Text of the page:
RB 65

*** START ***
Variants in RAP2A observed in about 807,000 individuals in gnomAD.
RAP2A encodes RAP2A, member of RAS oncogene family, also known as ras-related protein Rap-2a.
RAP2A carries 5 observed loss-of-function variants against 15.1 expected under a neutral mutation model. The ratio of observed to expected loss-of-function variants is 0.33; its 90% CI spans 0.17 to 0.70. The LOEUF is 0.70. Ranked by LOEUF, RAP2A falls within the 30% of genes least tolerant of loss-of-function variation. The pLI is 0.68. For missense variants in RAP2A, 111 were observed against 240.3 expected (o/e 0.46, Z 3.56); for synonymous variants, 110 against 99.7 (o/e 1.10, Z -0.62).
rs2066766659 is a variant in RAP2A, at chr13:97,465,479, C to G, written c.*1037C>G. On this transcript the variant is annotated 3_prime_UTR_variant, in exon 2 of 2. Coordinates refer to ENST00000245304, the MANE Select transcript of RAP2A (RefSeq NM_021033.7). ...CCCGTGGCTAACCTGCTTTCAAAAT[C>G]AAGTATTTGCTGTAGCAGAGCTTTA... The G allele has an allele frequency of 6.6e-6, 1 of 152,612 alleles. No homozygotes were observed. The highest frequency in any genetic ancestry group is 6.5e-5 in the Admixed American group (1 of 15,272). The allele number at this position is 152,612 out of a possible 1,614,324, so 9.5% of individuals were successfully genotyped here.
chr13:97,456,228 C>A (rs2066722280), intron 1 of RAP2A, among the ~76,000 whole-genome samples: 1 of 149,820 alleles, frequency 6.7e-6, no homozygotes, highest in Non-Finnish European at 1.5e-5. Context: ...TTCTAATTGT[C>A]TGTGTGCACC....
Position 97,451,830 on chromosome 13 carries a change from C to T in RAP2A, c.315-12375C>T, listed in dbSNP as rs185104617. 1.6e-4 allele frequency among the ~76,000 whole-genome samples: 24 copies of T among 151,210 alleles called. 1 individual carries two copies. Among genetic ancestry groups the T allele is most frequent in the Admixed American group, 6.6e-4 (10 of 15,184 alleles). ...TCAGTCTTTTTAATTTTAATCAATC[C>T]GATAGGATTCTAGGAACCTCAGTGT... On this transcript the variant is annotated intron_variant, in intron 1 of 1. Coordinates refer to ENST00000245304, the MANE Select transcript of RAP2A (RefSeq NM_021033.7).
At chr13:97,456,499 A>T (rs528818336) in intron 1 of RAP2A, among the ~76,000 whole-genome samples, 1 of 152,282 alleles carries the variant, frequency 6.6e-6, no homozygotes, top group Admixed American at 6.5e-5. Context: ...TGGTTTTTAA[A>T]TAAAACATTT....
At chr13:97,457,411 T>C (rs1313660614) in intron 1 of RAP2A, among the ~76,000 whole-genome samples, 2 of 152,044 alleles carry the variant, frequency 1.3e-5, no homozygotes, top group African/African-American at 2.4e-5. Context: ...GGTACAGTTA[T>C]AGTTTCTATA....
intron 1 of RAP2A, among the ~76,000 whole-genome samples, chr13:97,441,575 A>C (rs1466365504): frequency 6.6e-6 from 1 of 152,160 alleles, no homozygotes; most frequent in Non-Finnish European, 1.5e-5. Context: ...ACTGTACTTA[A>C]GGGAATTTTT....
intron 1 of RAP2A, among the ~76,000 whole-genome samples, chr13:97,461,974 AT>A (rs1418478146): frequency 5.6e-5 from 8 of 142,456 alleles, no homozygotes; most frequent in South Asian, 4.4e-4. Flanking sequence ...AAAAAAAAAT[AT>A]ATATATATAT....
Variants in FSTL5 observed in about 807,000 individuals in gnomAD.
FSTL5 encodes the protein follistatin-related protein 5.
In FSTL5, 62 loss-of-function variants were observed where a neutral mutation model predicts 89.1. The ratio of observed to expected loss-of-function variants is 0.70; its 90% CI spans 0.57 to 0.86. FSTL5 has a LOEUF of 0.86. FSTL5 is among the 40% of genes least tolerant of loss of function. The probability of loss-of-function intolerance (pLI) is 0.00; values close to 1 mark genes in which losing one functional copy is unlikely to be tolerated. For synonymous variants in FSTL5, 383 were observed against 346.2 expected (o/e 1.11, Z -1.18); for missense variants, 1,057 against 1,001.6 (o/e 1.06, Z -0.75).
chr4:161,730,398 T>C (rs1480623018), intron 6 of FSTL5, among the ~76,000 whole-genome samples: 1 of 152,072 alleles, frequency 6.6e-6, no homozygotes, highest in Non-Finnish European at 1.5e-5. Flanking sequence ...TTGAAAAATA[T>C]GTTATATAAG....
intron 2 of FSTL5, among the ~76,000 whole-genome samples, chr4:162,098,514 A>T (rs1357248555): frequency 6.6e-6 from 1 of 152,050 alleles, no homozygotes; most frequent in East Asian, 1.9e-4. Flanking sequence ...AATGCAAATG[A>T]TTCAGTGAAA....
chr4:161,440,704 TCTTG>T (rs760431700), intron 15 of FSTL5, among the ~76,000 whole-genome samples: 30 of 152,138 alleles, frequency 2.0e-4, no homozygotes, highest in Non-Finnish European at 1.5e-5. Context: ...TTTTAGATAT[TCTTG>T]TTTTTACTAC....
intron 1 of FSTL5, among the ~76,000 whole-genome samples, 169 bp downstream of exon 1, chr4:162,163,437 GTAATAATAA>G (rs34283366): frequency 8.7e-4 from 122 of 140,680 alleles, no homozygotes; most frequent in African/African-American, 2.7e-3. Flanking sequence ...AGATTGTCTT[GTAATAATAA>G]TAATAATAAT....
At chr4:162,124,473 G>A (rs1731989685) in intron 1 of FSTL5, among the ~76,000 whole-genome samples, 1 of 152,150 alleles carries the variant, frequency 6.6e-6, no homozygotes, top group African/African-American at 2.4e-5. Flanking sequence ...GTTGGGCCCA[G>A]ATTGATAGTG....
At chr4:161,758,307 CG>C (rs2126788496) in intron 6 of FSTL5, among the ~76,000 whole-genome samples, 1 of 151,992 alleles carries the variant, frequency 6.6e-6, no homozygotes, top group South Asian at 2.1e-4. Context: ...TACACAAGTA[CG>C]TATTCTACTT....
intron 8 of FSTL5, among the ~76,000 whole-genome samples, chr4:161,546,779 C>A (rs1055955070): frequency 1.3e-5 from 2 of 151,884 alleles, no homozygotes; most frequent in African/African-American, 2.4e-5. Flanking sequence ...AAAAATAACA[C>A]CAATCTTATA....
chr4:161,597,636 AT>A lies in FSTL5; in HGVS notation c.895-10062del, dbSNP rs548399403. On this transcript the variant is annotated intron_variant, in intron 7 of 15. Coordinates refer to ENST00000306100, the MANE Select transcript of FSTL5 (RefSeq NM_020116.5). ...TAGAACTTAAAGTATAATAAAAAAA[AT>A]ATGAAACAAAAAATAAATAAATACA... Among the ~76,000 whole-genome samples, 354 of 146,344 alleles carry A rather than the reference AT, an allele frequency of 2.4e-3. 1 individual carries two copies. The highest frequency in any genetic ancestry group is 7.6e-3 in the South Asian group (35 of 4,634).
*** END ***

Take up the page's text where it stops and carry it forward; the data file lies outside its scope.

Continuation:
much of the secondary sources and commentaries to Hägerström fail to clarify his ideas and tend to isolate them, either separating the ideas from object sciences or by burying them in political analyses of his theory of law, thereby missing the central aspect of his analysis of law, namely his theory of jurisprudence, which is an expression of his combination of philosophy and science. In order to undertake this analysis of Hägerström’s theories of law and legal science I am thus forced - much in the same manner as Professors Curt and Lauritz Weibull at the beginning of the 19th Century when they stressed that historians must return to primary sources in the reconstruction of historical events - to rely principally on primary sources in this analysis of the ideas of the founding father of the Uppsala School of jurisprudence. However, for the rest of the investigation both primary and secondary sources and literature are used. For the benefit of those readers who do not read or speak Swedish, all direct quotes and excerpts will use either German or English translations, where such already exist, or the author’s own translations into English. In either case, translations are located in the main body of the text, while the Swedish original texts are located among the footnotes. Furthermore, I have chosen to neither refer to nor use any translations, if the original text originally was published in another language than Swedish - that is, German.All references in footnotes will refer to Swedish original text, directly followed by references to incident German and English translations. Finally, all interpretations and analyses of Hägerström’s texts have been conducted on the basis of the original language of publication - that is, Swedish or German. p a r t 1 , i n t r o d u c t i o n 30 1. 3. 1 b i bl iog raphical note s